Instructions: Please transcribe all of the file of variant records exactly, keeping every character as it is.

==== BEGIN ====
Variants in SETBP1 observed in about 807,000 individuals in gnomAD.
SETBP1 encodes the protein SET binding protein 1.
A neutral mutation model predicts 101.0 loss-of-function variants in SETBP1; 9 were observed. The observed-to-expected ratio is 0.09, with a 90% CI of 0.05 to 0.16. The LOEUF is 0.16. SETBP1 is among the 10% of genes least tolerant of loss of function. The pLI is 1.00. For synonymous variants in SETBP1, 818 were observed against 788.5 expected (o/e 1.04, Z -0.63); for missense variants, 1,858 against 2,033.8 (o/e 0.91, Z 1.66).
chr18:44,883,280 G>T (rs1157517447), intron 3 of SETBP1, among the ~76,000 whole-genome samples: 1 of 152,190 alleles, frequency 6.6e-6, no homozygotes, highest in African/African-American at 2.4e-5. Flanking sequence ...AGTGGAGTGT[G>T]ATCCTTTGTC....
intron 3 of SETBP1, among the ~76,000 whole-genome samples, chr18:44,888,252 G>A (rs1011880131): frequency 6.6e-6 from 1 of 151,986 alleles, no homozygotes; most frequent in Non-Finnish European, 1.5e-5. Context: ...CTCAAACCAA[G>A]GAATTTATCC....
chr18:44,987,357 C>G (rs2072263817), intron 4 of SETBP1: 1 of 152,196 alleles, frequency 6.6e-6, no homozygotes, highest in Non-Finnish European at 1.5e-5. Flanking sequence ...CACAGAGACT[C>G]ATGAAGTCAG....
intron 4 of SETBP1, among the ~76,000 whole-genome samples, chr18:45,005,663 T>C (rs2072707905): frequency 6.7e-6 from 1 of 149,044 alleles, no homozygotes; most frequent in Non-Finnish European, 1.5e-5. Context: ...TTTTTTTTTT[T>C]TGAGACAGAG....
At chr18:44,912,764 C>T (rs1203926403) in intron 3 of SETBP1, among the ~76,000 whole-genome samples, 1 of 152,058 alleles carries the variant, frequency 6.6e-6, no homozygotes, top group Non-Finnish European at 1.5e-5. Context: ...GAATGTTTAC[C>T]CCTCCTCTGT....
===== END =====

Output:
Variants in SETBP1 observed in about 807,000 individuals in gnomAD.
SETBP1 encodes the protein SET binding protein 1.
A neutral mutation model predicts 101.0 loss-of-function variants in SETBP1; 9 were observed. The observed-to-expected ratio is 0.09, with a 90% CI of 0.05 to 0.16. The LOEUF is 0.16. SETBP1 is among the 10% of genes least tolerant of loss of function. The pLI is 1.00. For synonymous variants in SETBP1, 818 were observed against 788.5 expected (o/e 1.04, Z -0.63); for missense variants, 1,858 against 2,033.8 (o/e 0.91, Z 1.66).
chr18:44,883,280 G>T (rs1157517447), intron 3 of SETBP1, among the ~76,000 whole-genome samples: 1 of 152,190 alleles, frequency 6.6e-6, no homozygotes, highest in African/African-American at 2.4e-5. Flanking sequence ...AGTGGAGTGT[G>T]ATCCTTTGTC....
intron 3 of SETBP1, among the ~76,000 whole-genome samples, chr18:44,888,252 G>A (rs1011880131): frequency 6.6e-6 from 1 of 151,986 alleles, no homozygotes; most frequent in Non-Finnish European, 1.5e-5. Context: ...CTCAAACCAA[G>A]GAATTTATCC....
chr18:44,987,357 C>G (rs2072263817), intron 4 of SETBP1: 1 of 152,196 alleles, frequency 6.6e-6, no homozygotes, highest in Non-Finnish European at 1.5e-5. Flanking sequence ...CACAGAGACT[C>G]ATGAAGTCAG....
intron 4 of SETBP1, among the ~76,000 whole-genome samples, chr18:45,005,663 T>C (rs2072707905): frequency 6.7e-6 from 1 of 149,044 alleles, no homozygotes; most frequent in Non-Finnish European, 1.5e-5. Context: ...TTTTTTTTTT[T>C]TGAGACAGAG....
At chr18:44,912,764 C>T (rs1203926403) in intron 3 of SETBP1, among the ~76,000 whole-genome samples, 1 of 152,058 alleles carries the variant, frequency 6.6e-6, no homozygotes, top group Non-Finnish European at 1.5e-5. Context: ...GAATGTTTAC[C>T]CCTCCTCTGT....